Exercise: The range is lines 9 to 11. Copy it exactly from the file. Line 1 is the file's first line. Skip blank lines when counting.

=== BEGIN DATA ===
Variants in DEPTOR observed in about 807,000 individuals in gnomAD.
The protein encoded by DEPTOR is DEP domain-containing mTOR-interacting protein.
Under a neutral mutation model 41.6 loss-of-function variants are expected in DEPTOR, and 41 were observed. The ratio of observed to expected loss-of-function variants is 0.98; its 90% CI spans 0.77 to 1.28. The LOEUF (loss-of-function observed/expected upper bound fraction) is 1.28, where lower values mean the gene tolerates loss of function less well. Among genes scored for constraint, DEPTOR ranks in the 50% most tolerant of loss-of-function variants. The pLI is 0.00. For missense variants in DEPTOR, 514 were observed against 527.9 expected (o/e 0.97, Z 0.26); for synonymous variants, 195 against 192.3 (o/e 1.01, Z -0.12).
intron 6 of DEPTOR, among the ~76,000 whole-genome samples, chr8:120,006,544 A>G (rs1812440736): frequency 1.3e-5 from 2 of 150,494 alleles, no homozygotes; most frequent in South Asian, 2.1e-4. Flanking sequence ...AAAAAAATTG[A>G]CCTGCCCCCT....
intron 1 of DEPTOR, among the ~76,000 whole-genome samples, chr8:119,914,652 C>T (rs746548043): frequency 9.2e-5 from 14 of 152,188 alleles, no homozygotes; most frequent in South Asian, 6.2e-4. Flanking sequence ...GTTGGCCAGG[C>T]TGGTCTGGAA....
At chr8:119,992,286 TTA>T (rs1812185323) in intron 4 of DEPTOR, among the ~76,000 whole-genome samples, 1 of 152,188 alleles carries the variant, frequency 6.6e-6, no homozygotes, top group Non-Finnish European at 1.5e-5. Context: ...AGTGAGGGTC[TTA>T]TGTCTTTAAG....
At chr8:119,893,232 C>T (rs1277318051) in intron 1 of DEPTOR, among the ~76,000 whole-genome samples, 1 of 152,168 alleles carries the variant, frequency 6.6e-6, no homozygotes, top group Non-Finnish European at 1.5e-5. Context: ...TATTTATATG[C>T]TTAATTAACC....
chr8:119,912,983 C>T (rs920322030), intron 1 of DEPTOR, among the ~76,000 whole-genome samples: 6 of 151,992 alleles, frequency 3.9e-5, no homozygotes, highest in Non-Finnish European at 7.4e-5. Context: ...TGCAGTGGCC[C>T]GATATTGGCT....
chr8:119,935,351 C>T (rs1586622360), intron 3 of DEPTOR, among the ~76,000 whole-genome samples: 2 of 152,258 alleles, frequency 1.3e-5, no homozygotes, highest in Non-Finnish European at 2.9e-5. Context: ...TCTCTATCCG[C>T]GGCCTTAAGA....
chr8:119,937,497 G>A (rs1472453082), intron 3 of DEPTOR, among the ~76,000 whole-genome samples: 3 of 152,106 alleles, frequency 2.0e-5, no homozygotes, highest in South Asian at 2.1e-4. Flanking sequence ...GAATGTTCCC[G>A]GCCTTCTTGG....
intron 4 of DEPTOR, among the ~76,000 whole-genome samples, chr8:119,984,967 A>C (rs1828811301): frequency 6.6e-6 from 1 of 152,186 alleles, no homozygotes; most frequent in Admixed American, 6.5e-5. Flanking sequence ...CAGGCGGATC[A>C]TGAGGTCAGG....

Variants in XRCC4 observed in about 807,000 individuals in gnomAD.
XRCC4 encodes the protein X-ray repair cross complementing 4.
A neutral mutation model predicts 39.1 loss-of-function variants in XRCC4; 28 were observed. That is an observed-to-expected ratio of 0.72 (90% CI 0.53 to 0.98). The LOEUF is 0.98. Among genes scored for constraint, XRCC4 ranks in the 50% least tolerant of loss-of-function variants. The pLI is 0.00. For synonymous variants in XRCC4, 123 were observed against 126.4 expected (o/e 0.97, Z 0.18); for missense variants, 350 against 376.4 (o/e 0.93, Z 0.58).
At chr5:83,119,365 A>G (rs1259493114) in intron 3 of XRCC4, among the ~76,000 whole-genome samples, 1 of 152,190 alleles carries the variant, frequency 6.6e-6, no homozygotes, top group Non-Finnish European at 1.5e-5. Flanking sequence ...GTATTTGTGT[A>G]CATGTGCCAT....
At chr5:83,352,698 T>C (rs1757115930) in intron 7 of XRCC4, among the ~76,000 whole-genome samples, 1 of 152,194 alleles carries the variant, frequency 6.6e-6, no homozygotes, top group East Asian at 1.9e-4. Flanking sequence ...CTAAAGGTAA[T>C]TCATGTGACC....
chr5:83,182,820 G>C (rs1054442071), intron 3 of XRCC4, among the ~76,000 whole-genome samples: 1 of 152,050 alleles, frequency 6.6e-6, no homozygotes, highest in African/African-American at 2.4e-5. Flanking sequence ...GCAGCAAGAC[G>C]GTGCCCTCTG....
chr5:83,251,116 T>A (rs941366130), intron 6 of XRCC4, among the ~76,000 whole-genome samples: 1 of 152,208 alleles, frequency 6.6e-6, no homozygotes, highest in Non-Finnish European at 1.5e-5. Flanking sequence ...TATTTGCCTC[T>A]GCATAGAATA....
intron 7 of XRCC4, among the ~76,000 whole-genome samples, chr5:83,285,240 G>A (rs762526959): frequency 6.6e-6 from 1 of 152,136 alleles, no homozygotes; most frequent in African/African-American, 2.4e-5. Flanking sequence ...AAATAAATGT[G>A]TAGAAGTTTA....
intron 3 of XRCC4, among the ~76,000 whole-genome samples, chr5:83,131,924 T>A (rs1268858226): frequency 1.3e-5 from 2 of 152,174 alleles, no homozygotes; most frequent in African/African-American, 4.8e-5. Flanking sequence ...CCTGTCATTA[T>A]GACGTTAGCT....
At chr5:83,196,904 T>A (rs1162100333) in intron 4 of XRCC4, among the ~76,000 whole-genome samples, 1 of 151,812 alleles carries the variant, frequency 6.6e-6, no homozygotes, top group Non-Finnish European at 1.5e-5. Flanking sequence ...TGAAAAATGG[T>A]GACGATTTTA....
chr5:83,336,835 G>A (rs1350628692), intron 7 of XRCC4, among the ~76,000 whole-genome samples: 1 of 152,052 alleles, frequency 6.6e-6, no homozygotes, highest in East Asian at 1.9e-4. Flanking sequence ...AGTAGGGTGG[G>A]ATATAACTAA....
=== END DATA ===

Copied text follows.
chr8:119,935,351 C>T (rs1586622360), intron 3 of DEPTOR, among the ~76,000 whole-genome samples: 2 of 152,258 alleles, frequency 1.3e-5, no homozygotes, highest in Non-Finnish European at 2.9e-5. Context: ...TCTCTATCCG[C>T]GGCCTTAAGA....
chr8:119,937,497 G>A (rs1472453082), intron 3 of DEPTOR, among the ~76,000 whole-genome samples: 3 of 152,106 alleles, frequency 2.0e-5, no homozygotes, highest in South Asian at 2.1e-4. Flanking sequence ...GAATGTTCCC[G>A]GCCTTCTTGG....
intron 4 of DEPTOR, among the ~76,000 whole-genome samples, chr8:119,984,967 A>C (rs1828811301): frequency 6.6e-6 from 1 of 152,186 alleles, no homozygotes; most frequent in Admixed American, 6.5e-5. Flanking sequence ...CAGGCGGATC[A>C]TGAGGTCAGG....